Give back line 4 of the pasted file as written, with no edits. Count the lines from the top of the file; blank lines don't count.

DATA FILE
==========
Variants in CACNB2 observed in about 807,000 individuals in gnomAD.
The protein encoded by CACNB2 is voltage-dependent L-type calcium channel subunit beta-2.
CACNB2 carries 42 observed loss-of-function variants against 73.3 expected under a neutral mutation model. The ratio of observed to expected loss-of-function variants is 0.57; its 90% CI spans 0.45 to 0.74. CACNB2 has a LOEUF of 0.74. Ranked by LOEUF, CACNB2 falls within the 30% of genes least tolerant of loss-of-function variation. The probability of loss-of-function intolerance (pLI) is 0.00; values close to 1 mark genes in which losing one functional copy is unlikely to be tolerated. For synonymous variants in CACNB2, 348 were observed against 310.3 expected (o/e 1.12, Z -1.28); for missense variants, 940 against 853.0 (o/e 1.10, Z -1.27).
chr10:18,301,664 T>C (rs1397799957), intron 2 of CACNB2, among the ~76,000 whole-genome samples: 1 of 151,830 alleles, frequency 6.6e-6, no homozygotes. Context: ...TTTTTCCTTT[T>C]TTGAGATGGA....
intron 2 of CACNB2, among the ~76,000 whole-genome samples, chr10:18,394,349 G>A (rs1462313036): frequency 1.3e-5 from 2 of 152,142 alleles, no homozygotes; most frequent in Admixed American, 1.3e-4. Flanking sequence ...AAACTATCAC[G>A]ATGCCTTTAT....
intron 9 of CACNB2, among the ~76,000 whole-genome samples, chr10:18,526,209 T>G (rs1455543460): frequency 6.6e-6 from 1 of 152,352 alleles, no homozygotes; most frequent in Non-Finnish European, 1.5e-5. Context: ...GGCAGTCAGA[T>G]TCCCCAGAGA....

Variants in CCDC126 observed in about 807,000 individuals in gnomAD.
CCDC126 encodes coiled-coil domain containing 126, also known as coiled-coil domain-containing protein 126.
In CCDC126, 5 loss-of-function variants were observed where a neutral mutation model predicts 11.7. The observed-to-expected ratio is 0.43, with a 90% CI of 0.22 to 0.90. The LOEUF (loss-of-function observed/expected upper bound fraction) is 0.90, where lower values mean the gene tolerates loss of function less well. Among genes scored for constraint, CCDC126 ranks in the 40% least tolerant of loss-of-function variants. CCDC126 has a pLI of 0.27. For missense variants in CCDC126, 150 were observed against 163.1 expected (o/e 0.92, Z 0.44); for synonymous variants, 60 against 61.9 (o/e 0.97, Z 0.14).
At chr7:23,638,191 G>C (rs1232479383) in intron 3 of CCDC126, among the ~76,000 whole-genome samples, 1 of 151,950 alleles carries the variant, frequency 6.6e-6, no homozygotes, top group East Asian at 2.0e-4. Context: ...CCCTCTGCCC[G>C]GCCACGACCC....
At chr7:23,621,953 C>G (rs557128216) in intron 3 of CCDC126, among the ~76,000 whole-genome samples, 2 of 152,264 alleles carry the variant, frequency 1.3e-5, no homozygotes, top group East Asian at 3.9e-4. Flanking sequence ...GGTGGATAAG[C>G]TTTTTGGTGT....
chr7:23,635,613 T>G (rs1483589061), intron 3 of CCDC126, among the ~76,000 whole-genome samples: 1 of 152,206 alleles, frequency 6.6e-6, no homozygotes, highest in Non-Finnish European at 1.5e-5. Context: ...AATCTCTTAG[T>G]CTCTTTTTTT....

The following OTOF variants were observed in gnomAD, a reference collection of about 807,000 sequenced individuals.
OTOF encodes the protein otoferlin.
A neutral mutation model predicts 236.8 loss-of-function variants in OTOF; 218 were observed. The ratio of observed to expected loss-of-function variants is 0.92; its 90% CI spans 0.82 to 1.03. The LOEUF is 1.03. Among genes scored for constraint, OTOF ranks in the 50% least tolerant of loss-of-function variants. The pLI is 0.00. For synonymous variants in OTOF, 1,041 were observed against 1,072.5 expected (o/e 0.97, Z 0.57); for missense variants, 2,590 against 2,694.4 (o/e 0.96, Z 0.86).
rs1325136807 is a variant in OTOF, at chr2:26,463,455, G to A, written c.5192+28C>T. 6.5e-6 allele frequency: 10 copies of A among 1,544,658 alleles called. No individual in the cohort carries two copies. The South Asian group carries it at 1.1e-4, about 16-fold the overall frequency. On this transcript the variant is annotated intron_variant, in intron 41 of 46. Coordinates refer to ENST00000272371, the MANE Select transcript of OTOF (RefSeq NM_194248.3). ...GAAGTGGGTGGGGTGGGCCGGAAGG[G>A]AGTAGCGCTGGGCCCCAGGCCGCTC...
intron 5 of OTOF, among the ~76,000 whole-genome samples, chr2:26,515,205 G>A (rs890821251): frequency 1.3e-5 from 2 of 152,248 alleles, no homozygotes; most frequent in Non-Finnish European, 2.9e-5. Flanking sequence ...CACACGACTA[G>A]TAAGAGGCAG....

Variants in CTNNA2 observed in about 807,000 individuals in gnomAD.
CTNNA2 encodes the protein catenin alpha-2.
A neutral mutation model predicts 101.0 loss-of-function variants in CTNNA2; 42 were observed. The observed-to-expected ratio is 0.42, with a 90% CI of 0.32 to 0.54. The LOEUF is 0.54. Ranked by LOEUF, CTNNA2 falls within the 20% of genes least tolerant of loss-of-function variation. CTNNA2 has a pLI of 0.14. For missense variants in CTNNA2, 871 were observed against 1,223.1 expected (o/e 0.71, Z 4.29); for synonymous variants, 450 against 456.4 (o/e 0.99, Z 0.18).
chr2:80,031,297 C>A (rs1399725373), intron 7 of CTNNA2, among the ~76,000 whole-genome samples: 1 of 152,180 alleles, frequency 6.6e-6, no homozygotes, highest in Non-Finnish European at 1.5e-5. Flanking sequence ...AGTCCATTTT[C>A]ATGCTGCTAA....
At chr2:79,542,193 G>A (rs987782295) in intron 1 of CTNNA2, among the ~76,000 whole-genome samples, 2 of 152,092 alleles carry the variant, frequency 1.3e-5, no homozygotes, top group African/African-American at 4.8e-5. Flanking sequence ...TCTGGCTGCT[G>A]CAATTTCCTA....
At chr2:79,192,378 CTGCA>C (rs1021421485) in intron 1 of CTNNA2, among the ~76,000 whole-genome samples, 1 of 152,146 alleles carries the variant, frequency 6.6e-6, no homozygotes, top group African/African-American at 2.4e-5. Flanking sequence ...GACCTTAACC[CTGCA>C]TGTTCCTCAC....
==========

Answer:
chr10:18,301,664 T>C (rs1397799957), intron 2 of CACNB2, among the ~76,000 whole-genome samples: 1 of 151,830 alleles, frequency 6.6e-6, no homozygotes. Context: ...TTTTTCCTTT[T>C]TTGAGATGGA....